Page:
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T+1: putting the “party” back in “counterparty”

John Moreau
14 April 2023

The importance of counterparty performance management in T+1 compliance

Efficient post-trade settlement depends on counterparty performance. As financial firms gear up for T+1, counterparty performance management is becoming increasingly crucial.

Counterparty performance management measures, analyzes, and ultimately supports the ability of a party involved in a financial transaction to meet a variety of obligations in an efficient and accurate manner to facilitate timely settlement. When counterparty performance is strong, it goes a long way towards reducing the risk of settlement failures, which in turn improves the overall efficiency and stability of the settlement process.

The trade lifecycle is typically facilitated by intermediaries such as custodians, brokers, and clearing houses. Settlement failures can occur when one of the parties involved is unable to fulfil its obligations, either due to financial distress, operational errors, or other unforeseen circumstances. These failures can result in delays, additional costs, and even systemic risks to the broader financial system. Subsequently, this can bring financial, regulatory, and reputational consequences to the party at fault.

How does counterparty performance management help?

Counterparty performance management is critical in mitigating settlement risks and improving post-trade efficiency. There are several ways in which it can help, including:

Ensuring that all parties involved in a transaction have the necessary financial resources and operational capabilities to fulfil their obligations.
For example, a buyer who lacks the necessary cash to settle a transaction may cause delays or defaults, which may cause disruption to the settlement process. Similarly, a seller who fails to deliver the securities as promised will result in settlement failures. To address these risks, counterparty performance management typically requires market participants to meet certain credit and operational standards before entering or continuing a trading relationship.

Reducing the likelihood of disputes and errors during the settlement process.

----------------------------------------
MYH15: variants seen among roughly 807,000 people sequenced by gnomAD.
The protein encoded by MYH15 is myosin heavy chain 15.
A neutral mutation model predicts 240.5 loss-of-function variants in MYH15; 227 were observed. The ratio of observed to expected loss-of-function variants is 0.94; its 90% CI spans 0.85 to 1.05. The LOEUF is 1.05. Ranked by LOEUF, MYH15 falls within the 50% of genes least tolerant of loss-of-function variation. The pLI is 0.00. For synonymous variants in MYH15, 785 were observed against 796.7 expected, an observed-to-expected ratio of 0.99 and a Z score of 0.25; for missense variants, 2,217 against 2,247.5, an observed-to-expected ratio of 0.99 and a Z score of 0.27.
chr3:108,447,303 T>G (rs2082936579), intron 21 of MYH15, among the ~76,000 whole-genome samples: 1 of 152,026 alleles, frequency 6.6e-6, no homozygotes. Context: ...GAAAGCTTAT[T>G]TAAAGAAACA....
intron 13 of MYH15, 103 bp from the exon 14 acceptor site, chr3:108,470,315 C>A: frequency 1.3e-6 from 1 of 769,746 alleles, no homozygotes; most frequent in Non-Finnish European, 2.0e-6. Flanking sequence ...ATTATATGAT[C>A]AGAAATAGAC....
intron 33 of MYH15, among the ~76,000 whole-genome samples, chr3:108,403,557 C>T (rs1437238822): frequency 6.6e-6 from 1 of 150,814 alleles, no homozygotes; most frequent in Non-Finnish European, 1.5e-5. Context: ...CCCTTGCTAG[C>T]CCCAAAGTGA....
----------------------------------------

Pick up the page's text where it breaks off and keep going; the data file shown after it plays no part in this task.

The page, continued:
When counterparties are reliable and transparent, it is easier to reconcile differences in trade data, confirm the accuracy of SSIs, and resolve any discrepancies in a timely and efficient manner. Having a transparent and collaborative relationship with your counterparties will reduce the effort, cost and risk involved in trade errors and disputes.

Reducing the need for manual intervention and unnecessary trade-processing touch points.
In some markets, settlement failures result in costly and time-consuming processes such as buy-ins, where the buyer must purchase the securities from another seller at above-market prices. Such processes can be expensive, time-consuming and have both a negative reputational and regulatory impact. These risks can be mitigated through automation which can also improve overall settlement performance.

Enhancing the overall stability of the financial system by reducing the risk of systemic failures.
Settlement failures can have cascading effects on the broader financial system, leading to market volatility, liquidity shortages, and even systemic risks. By improving counterparty performance, market participants can reduce the risk of such failures and enhance the stability of the financial system.

Why do we care?

Counterparty performance will play a critical role in meeting the challenges of T+1. As has been discussed at length in industry forums, a trade can only be settled as fast as its worst performing counterparty. With Straight Through Processing (STP) being the route to T+1 compliance, a firm’s communication with their counterparties is a critical avenue to explore to enhance STP through upfront conversations on SSIs and static data, shape matching and global operating model dependencies. A subsequent approach to truly identify the root cause of settlement inefficiencies is to perform in-depth process reviews and data analysis on trade capture, trade matching and trade settlement. By utilizing the data and analysis, the causal factors of process inefficiencies can be identified, including who the responsible party is.

What should you do?

Industry participants can improve their own processes, but it takes both sides of the trade to be maximally efficient. Regularly measuring and assessing your counterparties’ performance should be a standard process for your business; industry collaboration will be a vital aspect of readiness for T+1, not only in the US but globally, and that collaboration should be led by what a firms’ data says about where the challenges with their counterparties are. Analyzing the counterparties who have the lowest matching rates and create the most touch points can help guide a strategic counterparty outreach approach. All of this is possible using data that’s currently available.

Strong counterparty performance helps to reduce settlement risks, improve STP, and facilitates increased levels of automation. Market participants can improve counterparty performance by adopting robust operational standards, ensuring transparency and reliability in their transactions, and actively monitoring and managing known settlement risks. By doing so, they can embrace the challenge of moving to a T+1 settlement cycle as an opportunity for operational evolution and be as ready as possible for the move in May 2024.


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